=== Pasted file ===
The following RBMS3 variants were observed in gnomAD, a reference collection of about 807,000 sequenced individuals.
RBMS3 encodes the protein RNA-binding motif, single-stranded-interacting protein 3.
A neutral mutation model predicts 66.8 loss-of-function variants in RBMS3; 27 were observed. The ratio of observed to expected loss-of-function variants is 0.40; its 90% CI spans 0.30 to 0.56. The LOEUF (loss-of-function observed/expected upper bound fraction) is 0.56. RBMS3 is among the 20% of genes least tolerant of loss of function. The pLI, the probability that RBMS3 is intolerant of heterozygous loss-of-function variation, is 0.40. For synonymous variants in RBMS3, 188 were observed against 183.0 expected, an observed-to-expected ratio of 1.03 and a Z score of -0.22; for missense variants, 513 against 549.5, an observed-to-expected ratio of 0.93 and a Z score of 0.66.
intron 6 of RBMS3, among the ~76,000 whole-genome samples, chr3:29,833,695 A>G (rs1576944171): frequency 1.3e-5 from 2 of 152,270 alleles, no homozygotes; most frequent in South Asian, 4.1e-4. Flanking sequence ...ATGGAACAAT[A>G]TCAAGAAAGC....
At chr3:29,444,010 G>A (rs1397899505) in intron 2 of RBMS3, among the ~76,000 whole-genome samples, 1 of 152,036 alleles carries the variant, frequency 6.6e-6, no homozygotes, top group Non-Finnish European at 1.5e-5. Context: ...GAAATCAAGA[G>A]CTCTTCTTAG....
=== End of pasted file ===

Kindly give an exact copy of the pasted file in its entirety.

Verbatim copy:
The following RBMS3 variants were observed in gnomAD, a reference collection of about 807,000 sequenced individuals.
RBMS3 encodes the protein RNA-binding motif, single-stranded-interacting protein 3.
A neutral mutation model predicts 66.8 loss-of-function variants in RBMS3; 27 were observed. The ratio of observed to expected loss-of-function variants is 0.40; its 90% CI spans 0.30 to 0.56. The LOEUF (loss-of-function observed/expected upper bound fraction) is 0.56. RBMS3 is among the 20% of genes least tolerant of loss of function. The pLI, the probability that RBMS3 is intolerant of heterozygous loss-of-function variation, is 0.40. For synonymous variants in RBMS3, 188 were observed against 183.0 expected, an observed-to-expected ratio of 1.03 and a Z score of -0.22; for missense variants, 513 against 549.5, an observed-to-expected ratio of 0.93 and a Z score of 0.66.
intron 6 of RBMS3, among the ~76,000 whole-genome samples, chr3:29,833,695 A>G (rs1576944171): frequency 1.3e-5 from 2 of 152,270 alleles, no homozygotes; most frequent in South Asian, 4.1e-4. Flanking sequence ...ATGGAACAAT[A>G]TCAAGAAAGC....
At chr3:29,444,010 G>A (rs1397899505) in intron 2 of RBMS3, among the ~76,000 whole-genome samples, 1 of 152,036 alleles carries the variant, frequency 6.6e-6, no homozygotes, top group Non-Finnish European at 1.5e-5. Context: ...GAAATCAAGA[G>A]CTCTTCTTAG....